Reasons for optimism in 2012

Earlier this year, I was asked to contribute to Cosmopolitan magazine’s January edition – 50 Things to be Grateful For (or to Look Forward To) in 2012. Here’s what I said:

When we think about the evolution and development of society, we often emphasise competition rather than cooperation. But nature – including our natures – is only partly described by Tennyson’s famous description of it as ‘red in tooth and claw’. We also evolve through cooperation aimed at finding better ways to live, to educate, to govern and communicate. It’s worth highlighting three aspects here of relevance to South Africans.

The first, relevant to all humans, is that we seem to be getting less violent. Kurt Schock’s 2005 book Unarmed Insurrections, and more recently Steven Pinker’s The Better Angels Of Our Nature: How Violence Has Declined present compelling cases for the notion that the past few decades have seen a substantial shift from away from war and towards resolving differences in less destructive ways.

The second, related to the first, is the rise of civil society as a force in accomplishing these resolutions. In South Africa, the Right to Know campaign has reminded South Africans that they can make a loud enough noise for government to be forced to pay attention. Elsewhere, tyrannical regimes are even being caused to fall, partly as a result of this (usually) nonviolent form of people’s power, as in the so-called Arab Spring.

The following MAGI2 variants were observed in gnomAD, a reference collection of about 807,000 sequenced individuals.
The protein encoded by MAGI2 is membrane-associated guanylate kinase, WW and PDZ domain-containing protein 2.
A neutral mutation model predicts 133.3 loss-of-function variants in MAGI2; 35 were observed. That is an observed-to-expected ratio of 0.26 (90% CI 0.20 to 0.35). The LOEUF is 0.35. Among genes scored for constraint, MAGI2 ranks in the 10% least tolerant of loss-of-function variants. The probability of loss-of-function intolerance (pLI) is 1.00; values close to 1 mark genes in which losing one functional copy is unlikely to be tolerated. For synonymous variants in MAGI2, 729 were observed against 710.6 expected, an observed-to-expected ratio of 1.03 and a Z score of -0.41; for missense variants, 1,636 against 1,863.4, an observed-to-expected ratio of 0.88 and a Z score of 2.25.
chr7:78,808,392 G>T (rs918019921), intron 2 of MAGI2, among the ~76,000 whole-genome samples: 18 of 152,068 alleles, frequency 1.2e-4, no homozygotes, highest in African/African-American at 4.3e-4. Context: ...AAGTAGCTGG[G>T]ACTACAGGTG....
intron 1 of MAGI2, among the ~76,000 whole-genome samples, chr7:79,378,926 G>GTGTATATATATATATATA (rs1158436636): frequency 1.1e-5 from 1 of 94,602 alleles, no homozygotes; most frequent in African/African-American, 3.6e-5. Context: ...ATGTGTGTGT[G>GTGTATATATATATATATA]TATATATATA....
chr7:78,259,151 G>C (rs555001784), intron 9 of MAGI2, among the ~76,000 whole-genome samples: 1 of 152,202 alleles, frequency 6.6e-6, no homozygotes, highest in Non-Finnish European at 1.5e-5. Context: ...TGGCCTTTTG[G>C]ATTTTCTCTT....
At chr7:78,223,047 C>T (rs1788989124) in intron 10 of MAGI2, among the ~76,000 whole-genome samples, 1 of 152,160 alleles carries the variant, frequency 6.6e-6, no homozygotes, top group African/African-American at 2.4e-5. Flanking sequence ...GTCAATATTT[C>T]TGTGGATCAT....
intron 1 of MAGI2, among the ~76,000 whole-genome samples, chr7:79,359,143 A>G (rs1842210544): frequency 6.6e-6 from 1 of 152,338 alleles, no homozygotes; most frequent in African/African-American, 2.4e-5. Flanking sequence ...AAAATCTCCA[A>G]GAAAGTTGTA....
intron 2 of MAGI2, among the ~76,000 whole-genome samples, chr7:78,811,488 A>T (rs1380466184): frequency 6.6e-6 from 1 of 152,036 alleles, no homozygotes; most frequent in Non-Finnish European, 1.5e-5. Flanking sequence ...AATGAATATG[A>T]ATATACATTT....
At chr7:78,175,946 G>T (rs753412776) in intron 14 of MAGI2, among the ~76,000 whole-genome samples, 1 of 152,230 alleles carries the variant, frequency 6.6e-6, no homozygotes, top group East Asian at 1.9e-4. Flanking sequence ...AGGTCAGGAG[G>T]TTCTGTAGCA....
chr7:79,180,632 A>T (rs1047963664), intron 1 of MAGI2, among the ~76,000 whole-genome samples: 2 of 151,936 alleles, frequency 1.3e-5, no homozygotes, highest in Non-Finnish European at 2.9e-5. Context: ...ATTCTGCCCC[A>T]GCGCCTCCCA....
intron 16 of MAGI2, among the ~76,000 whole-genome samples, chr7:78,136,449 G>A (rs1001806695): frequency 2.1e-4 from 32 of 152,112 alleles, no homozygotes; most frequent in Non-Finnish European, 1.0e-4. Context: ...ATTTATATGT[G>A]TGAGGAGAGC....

And finally, we shouldn’t forget that a peaceful and prosperous future is only possible if we empower everybody to determine the course of their own lives, and help them develop the resources to do so. A vital foundation for having such control is education especially for women, who have historically suffered a disproportionate share of social inequality – often propped up by high fertility rates and low levels of economic agency. While readers of Cosmopolitan will no doubt be less affected by these factors than many other women, the welfare of our fellow citizens affects us all through impacts on government spending and social harmony (amongst other things). It is thus immensely heartening to note that while still unacceptably high, literacy rates are steadily increasing, and fertility rates are falling.

We have a long, long way to go, but it’s not only Polyannas who dare to imagine that they see light at the end of the tunnel.

There are of course countless reasons for little or no optimism. But seeing as those are undoubtedly all over the news as per usual, I’ll leave it there, and wish you all a good year.

By Jacques Rousseau

Jacques Rousseau teaches critical thinking and ethics at the University of Cape Town, South Africa, and is the founder and director of the Free Society Institute, a non-profit organisation promoting secular humanism and scientific reasoning.